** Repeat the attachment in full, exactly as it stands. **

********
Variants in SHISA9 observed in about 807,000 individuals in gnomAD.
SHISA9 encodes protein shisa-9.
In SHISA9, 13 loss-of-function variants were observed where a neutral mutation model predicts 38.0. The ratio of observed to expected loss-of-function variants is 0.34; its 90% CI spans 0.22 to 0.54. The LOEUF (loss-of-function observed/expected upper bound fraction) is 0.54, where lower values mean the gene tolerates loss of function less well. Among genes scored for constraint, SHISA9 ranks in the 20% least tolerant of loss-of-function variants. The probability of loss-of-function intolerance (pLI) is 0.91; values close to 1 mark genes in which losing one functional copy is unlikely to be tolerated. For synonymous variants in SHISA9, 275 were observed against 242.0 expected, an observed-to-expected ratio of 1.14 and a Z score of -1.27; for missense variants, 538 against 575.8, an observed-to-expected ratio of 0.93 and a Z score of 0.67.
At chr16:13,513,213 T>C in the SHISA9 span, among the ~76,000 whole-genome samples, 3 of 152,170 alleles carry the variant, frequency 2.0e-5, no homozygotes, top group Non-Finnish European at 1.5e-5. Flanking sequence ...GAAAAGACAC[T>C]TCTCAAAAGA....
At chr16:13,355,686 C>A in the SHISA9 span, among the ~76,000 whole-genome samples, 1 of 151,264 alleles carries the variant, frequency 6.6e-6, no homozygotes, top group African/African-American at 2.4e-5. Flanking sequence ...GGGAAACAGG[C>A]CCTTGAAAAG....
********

Variants in SHISA9 observed in about 807,000 individuals in gnomAD.
SHISA9 encodes protein shisa-9.
In SHISA9, 13 loss-of-function variants were observed where a neutral mutation model predicts 38.0. The ratio of observed to expected loss-of-function variants is 0.34; its 90% CI spans 0.22 to 0.54. The LOEUF (loss-of-function observed/expected upper bound fraction) is 0.54, where lower values mean the gene tolerates loss of function less well. Among genes scored for constraint, SHISA9 ranks in the 20% least tolerant of loss-of-function variants. The probability of loss-of-function intolerance (pLI) is 0.91; values close to 1 mark genes in which losing one functional copy is unlikely to be tolerated. For synonymous variants in SHISA9, 275 were observed against 242.0 expected, an observed-to-expected ratio of 1.14 and a Z score of -1.27; for missense variants, 538 against 575.8, an observed-to-expected ratio of 0.93 and a Z score of 0.67.
At chr16:13,513,213 T>C in the SHISA9 span, among the ~76,000 whole-genome samples, 3 of 152,170 alleles carry the variant, frequency 2.0e-5, no homozygotes, top group Non-Finnish European at 1.5e-5. Flanking sequence ...GAAAAGACAC[T>C]TCTCAAAAGA....
At chr16:13,355,686 C>A in the SHISA9 span, among the ~76,000 whole-genome samples, 1 of 151,264 alleles carries the variant, frequency 6.6e-6, no homozygotes, top group African/African-American at 2.4e-5. Flanking sequence ...GGGAAACAGG[C>A]CCTTGAAAAG....